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Anti-’piracy’ groups fluff figures for gain

Copyright wars are dirty indeed
Wed Oct 05 2011, 13:13

A COPYRIGHT COP has admitted that he and others have been paid to boost illegal downloading statistics and create 'piracy' scare stories in support of the MAFIAA.

In an interview with Torrentfreak, Australian private detective Gavin "Tex" Warren said that, amongst other things, he was expected to link 'piracy' to drug trafficking, which is a suggestion often put forward by rights holders.

Tex worked for the MPAA funded AFACT in Australia and has been a private investigator for around ten years. Before then he worked for the Australian Federal Police. He worked for AFACT for five years, according to Torrentfreak, and during that time he was exposed to the various methods used by the rights holders.

"I had an undercover operative who worked for me (name withheld) that I shall refer to as 'Short Round'. We were contracted to make purchases of DVDs and back then, VHS tapes of copyright infringing movies," he explained.

"In our first operation which lasted about six months, we had infiltrated a manufacturing 'laboratory' and the dodgy sales team at the local trash and treasure market."

Warren and Short Round then made what are referred to as "trap purchases" and presented their information to the Australian Victoria Police. This information lead to a succesful operation for the police, and gained column inches for the anti-'piracy' lobby.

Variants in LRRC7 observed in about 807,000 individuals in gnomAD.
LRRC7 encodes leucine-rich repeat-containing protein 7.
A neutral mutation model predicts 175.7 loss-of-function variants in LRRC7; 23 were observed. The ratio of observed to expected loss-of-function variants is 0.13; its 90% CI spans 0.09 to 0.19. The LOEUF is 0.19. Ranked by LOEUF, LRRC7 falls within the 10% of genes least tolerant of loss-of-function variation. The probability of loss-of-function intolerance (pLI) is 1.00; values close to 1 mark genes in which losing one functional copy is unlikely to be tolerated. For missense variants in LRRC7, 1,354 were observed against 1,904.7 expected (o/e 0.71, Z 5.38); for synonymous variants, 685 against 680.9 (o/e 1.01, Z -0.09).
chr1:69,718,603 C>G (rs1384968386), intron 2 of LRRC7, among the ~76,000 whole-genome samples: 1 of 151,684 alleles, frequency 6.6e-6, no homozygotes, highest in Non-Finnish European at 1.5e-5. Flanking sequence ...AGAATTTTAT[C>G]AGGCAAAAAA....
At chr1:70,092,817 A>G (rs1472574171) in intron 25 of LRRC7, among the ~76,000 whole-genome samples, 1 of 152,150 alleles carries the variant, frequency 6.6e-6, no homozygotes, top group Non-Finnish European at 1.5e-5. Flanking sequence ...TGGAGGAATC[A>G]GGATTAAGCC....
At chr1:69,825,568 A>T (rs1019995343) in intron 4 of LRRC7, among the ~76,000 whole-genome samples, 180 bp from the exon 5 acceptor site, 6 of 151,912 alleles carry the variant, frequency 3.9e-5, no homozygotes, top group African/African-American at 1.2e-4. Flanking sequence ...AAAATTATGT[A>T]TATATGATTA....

"The press were informed and all was tied up in a neat bundle. Column inches were filled, sound bites were created and everyone was happy, except the pirates," Warren said.

Other tactics were tried out in Australia, including the idea that statistics should be boosted in order to make the problem, which at the time related to offline 'piracy', seem more severe than it actually was. A meeting with head of AFACT Neil Gane showed Tex how far the group wanted to go.

"He was adamant that we needed to boost our statistics to make the media sit up and take notice and that the large numbers would make it easier to get the local Police interested. This was especially difficult to do as local police had no jurisdiction over copyright infringing product and the AFP were desperately short on manpower. We were encouraged to find links to drugs and stolen goods wherever possible," he added.

"We discussed the formula for extrapolating the potential street value earnings of 'laboratories' and we were instructed to count all blank discs in our seizure figures as they were potential product. Mr Gane also explained that the increased loss approximation figures were derived from all forms of impacts on decreasing cinema patronage right through to the farmer who grows the corn for popping... 2002 impact estimates were $100 million to today's figure of $1.36 billion in nine years.... That's a lot of extrapolating."

Once AFACT had the police's ear and the newspapers' attentions it was up to Tex to take its claims further, and he admitted that occasionally he had to sprinkle the threat of terrorism into his discussions.

"Funded solely by MPAA, AFACT lobbies hard for changes to Australian law and enhance the sexiness of their case by making vague references to links to terrorism. Sometimes not so vague," he added.

"I was instructed to tell police officers that the profit margins were greater than dealing heroin. It was bizarre. A twisted logic that AFACT spewed out with monotonous regularity." µ

 

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